23 Responses

  1. I have to admit that not being at the stage of looking for an agent or a publisher, this isn’t something that I’ve spent a great deal of time thinking about. However, I hope I get to work with a publisher who would be a good fit for me – people who I could work well with, have a rapport with and who also ‘got’ me and my book(s).

    • claire says:

      I’m still pretty ignorant about how much interaction an author has with a publisher, but I also hope for the exactly what you say – a good rapport and an editor who ‘gets’ my books.

  2. Nettie says:

    Ooh – this is a hard one, Claire. I do worry that I would be just so damned excited to be published that I’d agree to any old crap they asked for. I’d hope that they would understand what I was trying to do with my book, that they’d ‘get’ why I thought long and hard about characters with which I hoped my target market with identify… but really? I might just sign away the life of my first born.

  3. Pete says:

    Well, you were lovely to work with too! But to answer the question…

    I don’t have an agent / publisher but I’ve worked on both sides of the creative fence – commissioning people to be creative and being the creative person commissioned by somebody else. It always works best when the creative person is left to create as much as possible and the commissioner gently shapes the work to be commercially successful rather than squeezing the life out of it.

    I would always like to get on with anyone at a personal level as when you like and respect other people and you’re having fun, difficult things just seem to get done.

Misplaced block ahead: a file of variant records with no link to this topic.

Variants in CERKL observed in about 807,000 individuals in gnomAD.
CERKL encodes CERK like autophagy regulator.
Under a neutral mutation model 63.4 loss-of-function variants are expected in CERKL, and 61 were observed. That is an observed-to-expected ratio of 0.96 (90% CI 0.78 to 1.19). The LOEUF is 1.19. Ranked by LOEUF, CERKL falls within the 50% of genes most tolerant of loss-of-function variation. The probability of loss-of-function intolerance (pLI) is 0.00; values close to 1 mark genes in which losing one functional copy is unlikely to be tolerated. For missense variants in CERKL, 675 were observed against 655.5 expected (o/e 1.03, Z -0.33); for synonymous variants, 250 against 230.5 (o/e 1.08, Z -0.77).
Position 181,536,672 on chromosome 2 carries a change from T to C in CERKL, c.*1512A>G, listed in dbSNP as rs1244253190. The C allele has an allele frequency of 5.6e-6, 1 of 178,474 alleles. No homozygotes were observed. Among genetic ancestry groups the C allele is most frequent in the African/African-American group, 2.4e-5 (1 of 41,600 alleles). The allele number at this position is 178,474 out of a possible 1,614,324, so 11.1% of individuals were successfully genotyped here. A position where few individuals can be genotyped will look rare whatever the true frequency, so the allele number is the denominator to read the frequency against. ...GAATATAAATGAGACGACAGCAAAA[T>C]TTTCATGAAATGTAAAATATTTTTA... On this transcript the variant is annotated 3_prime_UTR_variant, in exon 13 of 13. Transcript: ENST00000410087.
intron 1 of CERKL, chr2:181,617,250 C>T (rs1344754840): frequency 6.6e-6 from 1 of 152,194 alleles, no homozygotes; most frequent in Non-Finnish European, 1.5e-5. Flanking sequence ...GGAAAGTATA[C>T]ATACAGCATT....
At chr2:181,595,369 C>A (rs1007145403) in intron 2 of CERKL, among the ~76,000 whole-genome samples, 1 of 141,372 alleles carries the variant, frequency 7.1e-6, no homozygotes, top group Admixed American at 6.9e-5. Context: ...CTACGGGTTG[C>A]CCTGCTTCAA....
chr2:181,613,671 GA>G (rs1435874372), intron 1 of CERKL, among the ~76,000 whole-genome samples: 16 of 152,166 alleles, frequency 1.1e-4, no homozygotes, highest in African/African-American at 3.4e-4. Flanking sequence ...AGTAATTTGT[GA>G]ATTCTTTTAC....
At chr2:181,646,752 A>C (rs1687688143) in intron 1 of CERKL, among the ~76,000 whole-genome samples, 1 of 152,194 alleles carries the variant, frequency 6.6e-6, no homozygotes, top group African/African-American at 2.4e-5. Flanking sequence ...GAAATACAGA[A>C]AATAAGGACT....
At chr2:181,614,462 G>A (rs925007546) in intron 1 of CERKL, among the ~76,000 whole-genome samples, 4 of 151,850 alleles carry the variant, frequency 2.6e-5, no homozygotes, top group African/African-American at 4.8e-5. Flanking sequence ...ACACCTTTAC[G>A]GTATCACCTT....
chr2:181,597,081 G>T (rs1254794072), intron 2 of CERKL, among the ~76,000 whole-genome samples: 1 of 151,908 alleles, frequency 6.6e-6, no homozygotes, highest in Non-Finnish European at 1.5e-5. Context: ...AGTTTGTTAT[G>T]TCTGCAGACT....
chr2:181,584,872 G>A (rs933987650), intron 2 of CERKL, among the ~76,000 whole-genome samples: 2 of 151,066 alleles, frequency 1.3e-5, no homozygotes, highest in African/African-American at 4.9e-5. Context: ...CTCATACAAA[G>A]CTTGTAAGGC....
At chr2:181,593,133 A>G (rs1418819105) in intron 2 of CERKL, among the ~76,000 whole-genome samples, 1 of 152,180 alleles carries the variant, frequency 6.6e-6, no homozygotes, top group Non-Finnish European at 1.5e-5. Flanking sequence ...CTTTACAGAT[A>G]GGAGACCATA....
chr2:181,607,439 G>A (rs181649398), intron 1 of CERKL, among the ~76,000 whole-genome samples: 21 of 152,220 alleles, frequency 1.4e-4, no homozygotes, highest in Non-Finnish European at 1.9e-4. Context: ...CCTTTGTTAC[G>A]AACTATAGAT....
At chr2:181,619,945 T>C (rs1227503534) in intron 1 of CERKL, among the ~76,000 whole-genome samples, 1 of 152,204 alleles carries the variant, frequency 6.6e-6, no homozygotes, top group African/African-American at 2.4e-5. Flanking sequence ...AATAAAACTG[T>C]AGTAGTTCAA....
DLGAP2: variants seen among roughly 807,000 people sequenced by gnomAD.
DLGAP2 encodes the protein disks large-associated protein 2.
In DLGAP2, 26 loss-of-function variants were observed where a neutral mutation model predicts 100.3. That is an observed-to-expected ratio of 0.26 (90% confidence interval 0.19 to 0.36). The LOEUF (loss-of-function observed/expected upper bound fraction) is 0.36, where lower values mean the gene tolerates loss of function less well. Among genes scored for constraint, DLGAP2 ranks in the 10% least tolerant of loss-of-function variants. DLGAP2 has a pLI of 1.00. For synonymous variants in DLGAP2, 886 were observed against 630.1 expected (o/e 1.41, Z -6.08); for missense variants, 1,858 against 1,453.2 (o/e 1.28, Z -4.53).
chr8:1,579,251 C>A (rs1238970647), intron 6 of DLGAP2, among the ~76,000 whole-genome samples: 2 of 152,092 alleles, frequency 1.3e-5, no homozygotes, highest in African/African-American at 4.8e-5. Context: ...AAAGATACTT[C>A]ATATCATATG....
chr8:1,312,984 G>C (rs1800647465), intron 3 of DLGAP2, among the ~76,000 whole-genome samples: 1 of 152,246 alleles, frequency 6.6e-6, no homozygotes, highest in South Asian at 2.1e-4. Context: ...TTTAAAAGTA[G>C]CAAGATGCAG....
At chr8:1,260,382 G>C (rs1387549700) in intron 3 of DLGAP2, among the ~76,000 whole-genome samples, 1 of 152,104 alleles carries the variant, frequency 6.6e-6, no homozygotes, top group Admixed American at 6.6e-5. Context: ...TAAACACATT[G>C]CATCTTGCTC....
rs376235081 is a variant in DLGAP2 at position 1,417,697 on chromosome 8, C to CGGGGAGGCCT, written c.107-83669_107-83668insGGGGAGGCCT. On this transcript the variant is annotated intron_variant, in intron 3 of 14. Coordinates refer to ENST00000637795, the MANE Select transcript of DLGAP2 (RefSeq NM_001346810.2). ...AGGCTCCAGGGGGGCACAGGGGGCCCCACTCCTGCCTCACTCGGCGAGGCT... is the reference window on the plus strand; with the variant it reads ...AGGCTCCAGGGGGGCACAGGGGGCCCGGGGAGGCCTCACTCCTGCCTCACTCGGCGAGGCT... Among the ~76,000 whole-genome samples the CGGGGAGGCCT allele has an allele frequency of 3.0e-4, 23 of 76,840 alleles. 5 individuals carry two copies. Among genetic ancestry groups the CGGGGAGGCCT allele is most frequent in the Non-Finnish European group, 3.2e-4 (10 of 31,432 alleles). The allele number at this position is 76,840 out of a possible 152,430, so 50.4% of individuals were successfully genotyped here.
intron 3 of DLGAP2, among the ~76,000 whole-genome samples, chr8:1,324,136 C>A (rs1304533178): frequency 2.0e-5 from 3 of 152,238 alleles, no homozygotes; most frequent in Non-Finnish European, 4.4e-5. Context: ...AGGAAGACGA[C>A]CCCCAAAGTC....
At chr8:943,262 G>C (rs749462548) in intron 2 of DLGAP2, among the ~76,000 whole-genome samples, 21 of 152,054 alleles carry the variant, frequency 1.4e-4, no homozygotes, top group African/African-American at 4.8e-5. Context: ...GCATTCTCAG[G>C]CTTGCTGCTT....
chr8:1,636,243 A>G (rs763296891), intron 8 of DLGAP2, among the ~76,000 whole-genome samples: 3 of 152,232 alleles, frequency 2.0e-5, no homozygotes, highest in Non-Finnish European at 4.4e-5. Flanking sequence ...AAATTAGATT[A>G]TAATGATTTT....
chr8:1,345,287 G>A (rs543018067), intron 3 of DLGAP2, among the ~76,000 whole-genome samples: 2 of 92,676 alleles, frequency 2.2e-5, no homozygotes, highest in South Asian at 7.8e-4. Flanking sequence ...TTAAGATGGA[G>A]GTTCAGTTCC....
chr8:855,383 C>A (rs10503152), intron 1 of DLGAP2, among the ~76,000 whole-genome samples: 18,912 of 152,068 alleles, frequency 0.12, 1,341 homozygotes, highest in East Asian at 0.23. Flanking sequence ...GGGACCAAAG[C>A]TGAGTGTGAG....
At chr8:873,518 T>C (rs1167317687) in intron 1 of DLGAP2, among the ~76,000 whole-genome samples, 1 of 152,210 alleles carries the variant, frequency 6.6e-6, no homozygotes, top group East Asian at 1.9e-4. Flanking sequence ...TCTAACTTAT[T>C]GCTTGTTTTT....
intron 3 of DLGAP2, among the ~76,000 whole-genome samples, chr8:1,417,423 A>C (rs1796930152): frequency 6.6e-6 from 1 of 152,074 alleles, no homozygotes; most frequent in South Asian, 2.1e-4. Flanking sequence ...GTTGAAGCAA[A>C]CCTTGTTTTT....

If you don’t, then you at least want to have a relationship whereby their professional advice / expertise helped to make you a better writer and improve your chances of success. If that advice caused you to do things that didn’t match your inner voice and authenticity as a person or as a writer, then it’s difficult. Sometimes you just need to pay the bills but it would be a deal breaker for me.

    However, sadly, just like any human relationship, it’s difficult to tell whether it will really work until you get into it.

    • claire says:

      I think you’re right about how fun and respect can really smooth over hard tasks and decisions (and yes I was talking about Gemini!)
      I don’t know how prevalent it is to meet with a publisher when discussing working together, but I do think I’m a fan.

  4. Victoria says:

    I wish my agent would drive me a little more. I wish she would communicate more often. In the meantime, poetry is a reward in itself. With just a bit a encouragement I would continue my rewrite of novel #2. Maybe it’s time to move on.

    • claire says: